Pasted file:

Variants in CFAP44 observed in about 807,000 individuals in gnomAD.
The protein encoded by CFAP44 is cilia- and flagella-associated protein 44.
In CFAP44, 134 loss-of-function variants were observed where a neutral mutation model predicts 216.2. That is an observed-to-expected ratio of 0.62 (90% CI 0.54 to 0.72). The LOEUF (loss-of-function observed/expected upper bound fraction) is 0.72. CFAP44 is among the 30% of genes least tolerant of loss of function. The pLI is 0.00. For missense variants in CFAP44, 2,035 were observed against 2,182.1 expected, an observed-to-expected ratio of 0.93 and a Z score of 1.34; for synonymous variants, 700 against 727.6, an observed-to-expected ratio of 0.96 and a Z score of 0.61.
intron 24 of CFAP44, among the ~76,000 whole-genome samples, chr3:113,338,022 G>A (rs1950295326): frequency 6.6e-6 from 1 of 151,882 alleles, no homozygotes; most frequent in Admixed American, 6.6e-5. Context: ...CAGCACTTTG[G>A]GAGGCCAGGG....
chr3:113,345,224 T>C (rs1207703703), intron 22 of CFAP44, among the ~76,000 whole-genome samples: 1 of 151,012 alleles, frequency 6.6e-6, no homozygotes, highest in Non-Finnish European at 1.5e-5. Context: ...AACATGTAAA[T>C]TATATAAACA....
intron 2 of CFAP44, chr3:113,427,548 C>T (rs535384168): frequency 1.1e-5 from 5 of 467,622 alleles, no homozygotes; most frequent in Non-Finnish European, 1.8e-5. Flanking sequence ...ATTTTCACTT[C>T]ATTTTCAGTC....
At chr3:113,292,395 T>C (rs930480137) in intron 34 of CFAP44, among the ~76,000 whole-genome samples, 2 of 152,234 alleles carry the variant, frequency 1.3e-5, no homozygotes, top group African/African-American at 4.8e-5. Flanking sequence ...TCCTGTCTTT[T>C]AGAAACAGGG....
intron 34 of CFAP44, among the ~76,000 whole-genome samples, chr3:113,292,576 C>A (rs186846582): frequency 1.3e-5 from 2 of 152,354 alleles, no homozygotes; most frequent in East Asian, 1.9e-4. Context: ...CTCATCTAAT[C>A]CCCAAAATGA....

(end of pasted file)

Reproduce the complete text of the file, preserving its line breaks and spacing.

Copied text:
Variants in CFAP44 observed in about 807,000 individuals in gnomAD.
The protein encoded by CFAP44 is cilia- and flagella-associated protein 44.
In CFAP44, 134 loss-of-function variants were observed where a neutral mutation model predicts 216.2. That is an observed-to-expected ratio of 0.62 (90% CI 0.54 to 0.72). The LOEUF (loss-of-function observed/expected upper bound fraction) is 0.72. CFAP44 is among the 30% of genes least tolerant of loss of function. The pLI is 0.00. For missense variants in CFAP44, 2,035 were observed against 2,182.1 expected, an observed-to-expected ratio of 0.93 and a Z score of 1.34; for synonymous variants, 700 against 727.6, an observed-to-expected ratio of 0.96 and a Z score of 0.61.
intron 24 of CFAP44, among the ~76,000 whole-genome samples, chr3:113,338,022 G>A (rs1950295326): frequency 6.6e-6 from 1 of 151,882 alleles, no homozygotes; most frequent in Admixed American, 6.6e-5. Context: ...CAGCACTTTG[G>A]GAGGCCAGGG....
chr3:113,345,224 T>C (rs1207703703), intron 22 of CFAP44, among the ~76,000 whole-genome samples: 1 of 151,012 alleles, frequency 6.6e-6, no homozygotes, highest in Non-Finnish European at 1.5e-5. Context: ...AACATGTAAA[T>C]TATATAAACA....
intron 2 of CFAP44, chr3:113,427,548 C>T (rs535384168): frequency 1.1e-5 from 5 of 467,622 alleles, no homozygotes; most frequent in Non-Finnish European, 1.8e-5. Flanking sequence ...ATTTTCACTT[C>T]ATTTTCAGTC....
At chr3:113,292,395 T>C (rs930480137) in intron 34 of CFAP44, among the ~76,000 whole-genome samples, 2 of 152,234 alleles carry the variant, frequency 1.3e-5, no homozygotes, top group African/African-American at 4.8e-5. Flanking sequence ...TCCTGTCTTT[T>C]AGAAACAGGG....
intron 34 of CFAP44, among the ~76,000 whole-genome samples, chr3:113,292,576 C>A (rs186846582): frequency 1.3e-5 from 2 of 152,354 alleles, no homozygotes; most frequent in East Asian, 1.9e-4. Context: ...CTCATCTAAT[C>A]CCCAAAATGA....